The longer this lasted, the more I changed from a child to a man, the more urgent became the question "How is it possible?" How is it possible that millions of men continue to stay in the trenches, to kill innocent men of other nations, and to be killed and thus to cause the deepest pain to parents, wives, friends? What are they fighting for? How is it possible that both sides believe they are fighting for peace and freedom? How was it possible for a war to break out when everybody claimed that they did not want it? How is it possible that the war continues when both sides claim they do not want any conquests, but only the preservation of their respective national possessions and integrity? If, as the following events showed, both sides wanted conquests and fame for their political and military leaders, how was it possible that millions allowed themselves to be slaughtered on both sides for the sake of some territory and the vanity of some leaders? Is the war a result of a senseless accident, or is it a result of certain social and political developments which follow their own laws and which can be understood—or even predicted—provided one knows the nature of these laws?
When the war ended in 1918, I was a deeply troubled young man who was obsessed by the question of how war was possible, by the wish to understand the irrationality of human mass behavior, by a passionate desire for peace and international understanding. More, I had become deeply suspicious of all official ideologies and declarations, and filled with the conviction "of all one must doubt."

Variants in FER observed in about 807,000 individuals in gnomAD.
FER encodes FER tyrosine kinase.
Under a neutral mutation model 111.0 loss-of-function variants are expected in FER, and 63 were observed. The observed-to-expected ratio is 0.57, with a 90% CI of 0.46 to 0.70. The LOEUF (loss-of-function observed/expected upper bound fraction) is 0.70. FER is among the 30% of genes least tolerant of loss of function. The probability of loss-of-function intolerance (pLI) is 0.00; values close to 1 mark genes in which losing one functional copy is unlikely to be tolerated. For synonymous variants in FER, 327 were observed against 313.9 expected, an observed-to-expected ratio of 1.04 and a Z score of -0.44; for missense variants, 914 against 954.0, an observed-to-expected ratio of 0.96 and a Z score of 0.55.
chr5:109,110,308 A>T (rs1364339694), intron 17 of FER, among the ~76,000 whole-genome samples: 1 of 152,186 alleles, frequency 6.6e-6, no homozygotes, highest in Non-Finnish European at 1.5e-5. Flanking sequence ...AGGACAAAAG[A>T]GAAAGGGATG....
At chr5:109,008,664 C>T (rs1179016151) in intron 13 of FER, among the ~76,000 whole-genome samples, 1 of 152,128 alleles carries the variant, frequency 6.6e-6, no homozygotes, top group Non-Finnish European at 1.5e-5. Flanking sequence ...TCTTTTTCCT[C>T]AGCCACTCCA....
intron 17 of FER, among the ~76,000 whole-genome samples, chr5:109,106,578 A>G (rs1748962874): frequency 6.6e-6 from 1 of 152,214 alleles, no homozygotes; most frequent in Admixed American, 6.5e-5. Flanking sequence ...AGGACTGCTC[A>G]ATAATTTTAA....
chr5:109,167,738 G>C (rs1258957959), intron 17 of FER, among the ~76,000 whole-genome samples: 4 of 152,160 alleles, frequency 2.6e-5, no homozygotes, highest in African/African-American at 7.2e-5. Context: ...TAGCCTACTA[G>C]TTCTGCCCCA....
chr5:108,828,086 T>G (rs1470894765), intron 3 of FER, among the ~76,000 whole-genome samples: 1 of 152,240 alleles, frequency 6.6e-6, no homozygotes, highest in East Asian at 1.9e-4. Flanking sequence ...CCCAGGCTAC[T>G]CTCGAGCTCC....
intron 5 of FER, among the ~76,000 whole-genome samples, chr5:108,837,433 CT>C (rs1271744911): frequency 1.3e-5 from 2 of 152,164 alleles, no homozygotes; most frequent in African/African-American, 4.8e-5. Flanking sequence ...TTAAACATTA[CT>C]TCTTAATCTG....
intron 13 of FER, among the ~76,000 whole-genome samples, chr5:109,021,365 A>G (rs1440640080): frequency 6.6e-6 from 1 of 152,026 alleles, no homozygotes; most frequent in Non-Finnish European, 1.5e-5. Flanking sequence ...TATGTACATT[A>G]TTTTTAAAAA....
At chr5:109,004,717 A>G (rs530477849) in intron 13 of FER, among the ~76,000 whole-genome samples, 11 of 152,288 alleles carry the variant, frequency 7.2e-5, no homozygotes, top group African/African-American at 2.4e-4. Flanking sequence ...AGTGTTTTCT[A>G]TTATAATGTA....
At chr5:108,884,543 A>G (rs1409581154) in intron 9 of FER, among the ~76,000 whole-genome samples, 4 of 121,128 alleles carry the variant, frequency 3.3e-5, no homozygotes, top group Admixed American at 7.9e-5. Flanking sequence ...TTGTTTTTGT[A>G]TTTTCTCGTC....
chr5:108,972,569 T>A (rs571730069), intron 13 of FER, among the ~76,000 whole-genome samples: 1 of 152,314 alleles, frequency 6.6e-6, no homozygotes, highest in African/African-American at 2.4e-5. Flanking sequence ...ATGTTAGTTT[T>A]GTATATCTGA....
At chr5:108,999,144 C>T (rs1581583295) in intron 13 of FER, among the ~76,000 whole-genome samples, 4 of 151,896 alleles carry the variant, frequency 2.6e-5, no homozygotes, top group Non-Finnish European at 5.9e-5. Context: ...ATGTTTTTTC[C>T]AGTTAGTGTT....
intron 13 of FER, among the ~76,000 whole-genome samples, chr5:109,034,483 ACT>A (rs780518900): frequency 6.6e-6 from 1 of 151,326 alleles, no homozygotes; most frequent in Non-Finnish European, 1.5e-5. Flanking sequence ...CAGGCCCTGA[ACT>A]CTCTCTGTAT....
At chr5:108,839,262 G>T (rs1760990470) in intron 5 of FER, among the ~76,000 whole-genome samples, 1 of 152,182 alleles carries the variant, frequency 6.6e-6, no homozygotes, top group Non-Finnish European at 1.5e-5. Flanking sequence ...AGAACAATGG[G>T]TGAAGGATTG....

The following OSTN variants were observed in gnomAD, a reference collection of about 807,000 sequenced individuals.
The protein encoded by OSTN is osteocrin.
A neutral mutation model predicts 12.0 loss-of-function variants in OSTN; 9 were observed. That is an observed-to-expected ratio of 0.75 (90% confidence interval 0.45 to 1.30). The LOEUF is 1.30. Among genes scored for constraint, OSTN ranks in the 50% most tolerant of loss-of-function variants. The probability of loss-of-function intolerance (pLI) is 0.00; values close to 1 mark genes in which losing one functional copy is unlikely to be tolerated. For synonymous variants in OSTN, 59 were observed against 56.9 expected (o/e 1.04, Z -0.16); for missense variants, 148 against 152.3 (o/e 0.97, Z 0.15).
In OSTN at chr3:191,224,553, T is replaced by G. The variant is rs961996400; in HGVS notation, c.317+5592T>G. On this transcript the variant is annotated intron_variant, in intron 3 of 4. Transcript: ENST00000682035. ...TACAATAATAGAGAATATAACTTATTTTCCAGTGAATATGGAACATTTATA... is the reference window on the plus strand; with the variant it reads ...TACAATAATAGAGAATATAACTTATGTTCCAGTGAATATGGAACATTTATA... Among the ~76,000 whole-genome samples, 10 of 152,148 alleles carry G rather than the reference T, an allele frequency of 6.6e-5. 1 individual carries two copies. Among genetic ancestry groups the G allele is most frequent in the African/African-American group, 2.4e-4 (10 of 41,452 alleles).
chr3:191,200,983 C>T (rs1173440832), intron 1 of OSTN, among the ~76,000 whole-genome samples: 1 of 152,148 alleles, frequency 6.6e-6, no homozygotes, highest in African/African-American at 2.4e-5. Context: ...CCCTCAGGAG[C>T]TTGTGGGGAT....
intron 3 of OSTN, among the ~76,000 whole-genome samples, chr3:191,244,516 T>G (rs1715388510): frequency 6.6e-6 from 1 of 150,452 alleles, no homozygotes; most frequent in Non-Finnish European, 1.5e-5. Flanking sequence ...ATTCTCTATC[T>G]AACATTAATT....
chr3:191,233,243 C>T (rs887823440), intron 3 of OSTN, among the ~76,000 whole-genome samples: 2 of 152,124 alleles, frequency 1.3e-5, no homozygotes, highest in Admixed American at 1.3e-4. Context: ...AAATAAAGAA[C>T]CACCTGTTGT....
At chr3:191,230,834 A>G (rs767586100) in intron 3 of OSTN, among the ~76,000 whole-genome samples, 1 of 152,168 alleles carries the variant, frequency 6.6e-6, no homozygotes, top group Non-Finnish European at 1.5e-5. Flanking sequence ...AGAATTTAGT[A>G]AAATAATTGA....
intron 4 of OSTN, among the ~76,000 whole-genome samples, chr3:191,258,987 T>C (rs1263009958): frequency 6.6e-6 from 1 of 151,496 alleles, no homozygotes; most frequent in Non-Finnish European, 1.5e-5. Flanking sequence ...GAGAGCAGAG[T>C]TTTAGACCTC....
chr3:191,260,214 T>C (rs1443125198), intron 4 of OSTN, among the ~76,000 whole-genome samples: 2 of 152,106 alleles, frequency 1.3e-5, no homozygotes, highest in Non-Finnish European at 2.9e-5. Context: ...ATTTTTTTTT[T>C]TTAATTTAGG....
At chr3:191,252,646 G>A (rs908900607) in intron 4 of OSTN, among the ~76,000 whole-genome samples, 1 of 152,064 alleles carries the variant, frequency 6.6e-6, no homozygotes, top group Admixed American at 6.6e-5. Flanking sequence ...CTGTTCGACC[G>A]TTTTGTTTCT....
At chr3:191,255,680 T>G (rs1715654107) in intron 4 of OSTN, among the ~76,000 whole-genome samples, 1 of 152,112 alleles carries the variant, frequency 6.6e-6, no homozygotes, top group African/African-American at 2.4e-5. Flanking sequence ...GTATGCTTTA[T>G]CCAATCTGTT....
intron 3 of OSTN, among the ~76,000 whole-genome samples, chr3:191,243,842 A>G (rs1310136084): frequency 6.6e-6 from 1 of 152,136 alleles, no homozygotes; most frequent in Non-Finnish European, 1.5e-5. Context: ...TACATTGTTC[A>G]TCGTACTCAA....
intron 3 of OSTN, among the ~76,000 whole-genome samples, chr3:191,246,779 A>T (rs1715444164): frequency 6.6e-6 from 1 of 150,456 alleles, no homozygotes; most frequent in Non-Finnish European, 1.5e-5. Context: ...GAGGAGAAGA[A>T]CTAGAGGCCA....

I have tried to show which experiences during my adolescence created the conditions for my passionate interest in the teachings of Freud and of Marx. I was deeply troubled by questions with regard to individual and social phenomena, and I was eager for an answer. I found answers both in Freud's and in Marx's systems. But I was also stimulated by the contrasts between the two systems and by the wish to solve these contradictions. Eventually, the older I grew and the more I studied, the more I doubted certain assumptions within the two systems. My main interest was clearly mapped out. I wanted to understand the laws that govern the life of the individual man, and the laws of society—that is, of men in their social existence. I tried to see the lasting truth in Freud's concepts as against those assumptions, which were in need of revision. I tried to do the same with Marx's theory, and finally I tried to arrive at a synthesis, which followed, from the understanding and the criticism of both thinkers. This endeavor did not take place solely by means of theoretical speculation. Not that I think little of pure speculation (it all depends on who speculates); but believing in the superior value of blending empirical observation with speculation (much of the trouble with modern social science is that it often contains empirical observations without speculation), I have always tried to let my thinking be guided by the observation of facts and have striven to revise my theories when the observation seemed to warrant it.